Students must meet the following prerequisite prior to declaring an AMEC minor in the East Asia Track: Two years of Chinese, Japanese, Korean, or Tibetan.  These must be either taken at Columbia or proficiency proven through a placement examination.

LANGUAGES:

Two semesters of third-year work in the chosen language, or the proficiency equivalent (to be demonstrated by a placement examination).
Students who test out of the third-year level must take either an additional year of the same language or one year of an additional language in the same East Asia Track.

INTRODUCTORY COURSES (two courses):

AHUM UN1400, Colloquium on Major Texts of East Asia
One civilizations class relating to the language and region of study (China Civ, Japan Civ, Korean Civ, Tibetan Civ, or Vietnamese Civ.)

ELECTIVES (two courses):

Two electives in the world region under study, to be taken in any department in the university at the 3000- or 4000-level, subject to approval by the advisor.

The Middle East or South Asian Track

A minimum of 13 courses is required, including:

  • Asian Humanities: AHUM UN3399 Colloquium on Major Texts: Middle East and South Asia
  • Middle East & South Asia: MDES UN3000 Theory and Culture

Two of the following courses:

  • Asian Civilizations-Middle East: ASCM V2001 Introduction to Major Topics in the Civilizations of the Middle East and India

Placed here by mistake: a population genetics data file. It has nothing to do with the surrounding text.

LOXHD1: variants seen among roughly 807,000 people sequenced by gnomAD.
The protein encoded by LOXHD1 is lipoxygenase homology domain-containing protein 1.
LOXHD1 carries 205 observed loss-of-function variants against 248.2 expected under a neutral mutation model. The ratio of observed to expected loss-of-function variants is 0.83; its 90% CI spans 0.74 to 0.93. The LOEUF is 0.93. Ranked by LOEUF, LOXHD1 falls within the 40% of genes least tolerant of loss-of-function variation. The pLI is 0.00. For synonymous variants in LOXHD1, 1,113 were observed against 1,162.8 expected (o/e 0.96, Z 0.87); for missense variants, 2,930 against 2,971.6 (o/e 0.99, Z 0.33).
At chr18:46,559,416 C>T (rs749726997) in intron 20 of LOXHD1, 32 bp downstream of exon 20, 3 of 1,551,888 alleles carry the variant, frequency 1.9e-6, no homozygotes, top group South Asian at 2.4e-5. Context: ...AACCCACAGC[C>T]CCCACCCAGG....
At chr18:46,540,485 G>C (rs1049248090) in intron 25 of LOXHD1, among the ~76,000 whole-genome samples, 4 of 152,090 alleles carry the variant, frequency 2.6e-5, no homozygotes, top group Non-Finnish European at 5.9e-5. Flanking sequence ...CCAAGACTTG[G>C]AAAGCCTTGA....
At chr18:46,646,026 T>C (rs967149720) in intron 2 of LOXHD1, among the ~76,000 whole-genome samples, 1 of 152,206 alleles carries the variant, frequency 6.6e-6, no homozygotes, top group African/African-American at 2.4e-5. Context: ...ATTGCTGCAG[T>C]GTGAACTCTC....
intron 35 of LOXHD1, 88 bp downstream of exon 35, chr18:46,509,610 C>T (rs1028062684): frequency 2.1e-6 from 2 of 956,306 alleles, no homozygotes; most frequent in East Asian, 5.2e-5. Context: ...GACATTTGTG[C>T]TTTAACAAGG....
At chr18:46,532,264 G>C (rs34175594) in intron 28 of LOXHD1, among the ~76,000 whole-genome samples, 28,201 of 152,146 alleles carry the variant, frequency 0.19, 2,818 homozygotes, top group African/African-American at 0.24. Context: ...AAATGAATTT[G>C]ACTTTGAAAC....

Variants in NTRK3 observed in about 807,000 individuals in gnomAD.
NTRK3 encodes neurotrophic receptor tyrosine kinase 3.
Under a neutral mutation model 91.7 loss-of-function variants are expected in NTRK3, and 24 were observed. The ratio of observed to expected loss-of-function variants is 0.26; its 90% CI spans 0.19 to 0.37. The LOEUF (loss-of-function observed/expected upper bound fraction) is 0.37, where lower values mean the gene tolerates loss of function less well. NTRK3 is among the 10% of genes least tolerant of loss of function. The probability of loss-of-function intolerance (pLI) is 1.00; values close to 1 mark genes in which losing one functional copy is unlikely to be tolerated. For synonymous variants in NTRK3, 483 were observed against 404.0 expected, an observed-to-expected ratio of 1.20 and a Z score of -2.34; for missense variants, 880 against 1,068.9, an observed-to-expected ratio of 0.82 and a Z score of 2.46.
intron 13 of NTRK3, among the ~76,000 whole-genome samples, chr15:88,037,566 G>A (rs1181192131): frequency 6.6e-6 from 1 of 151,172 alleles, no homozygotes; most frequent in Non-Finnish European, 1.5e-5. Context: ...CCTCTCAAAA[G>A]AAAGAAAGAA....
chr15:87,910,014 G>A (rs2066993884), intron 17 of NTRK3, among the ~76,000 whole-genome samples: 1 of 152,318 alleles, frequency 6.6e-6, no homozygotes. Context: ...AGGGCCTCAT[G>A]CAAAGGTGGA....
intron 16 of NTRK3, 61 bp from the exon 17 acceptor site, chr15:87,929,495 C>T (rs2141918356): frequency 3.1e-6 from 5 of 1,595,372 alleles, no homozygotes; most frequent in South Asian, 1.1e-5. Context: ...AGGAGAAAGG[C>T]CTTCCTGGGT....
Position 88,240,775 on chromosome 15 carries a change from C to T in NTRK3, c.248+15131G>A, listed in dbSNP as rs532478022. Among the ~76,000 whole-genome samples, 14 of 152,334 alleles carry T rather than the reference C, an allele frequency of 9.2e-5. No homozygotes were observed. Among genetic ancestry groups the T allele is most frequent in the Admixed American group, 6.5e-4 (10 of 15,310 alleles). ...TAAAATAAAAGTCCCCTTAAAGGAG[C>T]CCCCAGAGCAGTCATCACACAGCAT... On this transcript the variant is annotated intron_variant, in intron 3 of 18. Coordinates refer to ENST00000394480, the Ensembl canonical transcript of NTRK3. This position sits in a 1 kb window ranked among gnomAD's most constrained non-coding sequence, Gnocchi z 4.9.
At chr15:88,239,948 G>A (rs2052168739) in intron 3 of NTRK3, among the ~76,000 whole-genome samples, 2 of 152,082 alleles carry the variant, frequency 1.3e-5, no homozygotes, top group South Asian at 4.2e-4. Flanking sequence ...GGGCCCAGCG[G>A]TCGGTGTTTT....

• Asian Civilizations-Middle East: ASCM UN2003 Introduction to Islamic Civilization
  • Asian Civilizations-Middle East: ASCM UN2008 Contemporary Islamic Civilization
  • Asian Civilizations-Middle East: ASCM UN2357 Introduction to Indian Civilization
  • Asian Civilizations-East Asian: ASCE V2365 Introduction to East Asian Civilizations: Tibet

The equivalent of six courses (the completion of the 3rd year of advanced language study) of Arabic, Armenian, Hebrew, Persian, or Turkish, selected in consultation with the advisor. 

A minimum of five courses chosen as a concentration. The concentration may be in the languages and cultures of ancient Semitic, Arabic, Armenian, Hebrew, Indic, Iranian, Persian, or Turkish.

A senior thesis, to be written under the supervision of a faculty member chosen in consultation with the adviser. Students whose sole major is Asian and Middle Eastern Cultures should take two semesters of ASST BC3999 Independent Study with their adviser for the purposes of producing the thesis. Students who are double-majoring in a second department that requires a group seminar should enroll in that seminar and work with the AMEC advisor on the side.

The courses listed under Middle East and South Asia below represent a selection among those required in one or another of the concentrations. Students should consult the Middle East and Asian Languages and Cultures department office in 401 Knox Hall for a complete list of course offerings. Graduate courses at the 4000-level may be taken with permission of the instructor. See GSAS catalog for course listings.

Minor Requirements

Prerequisite: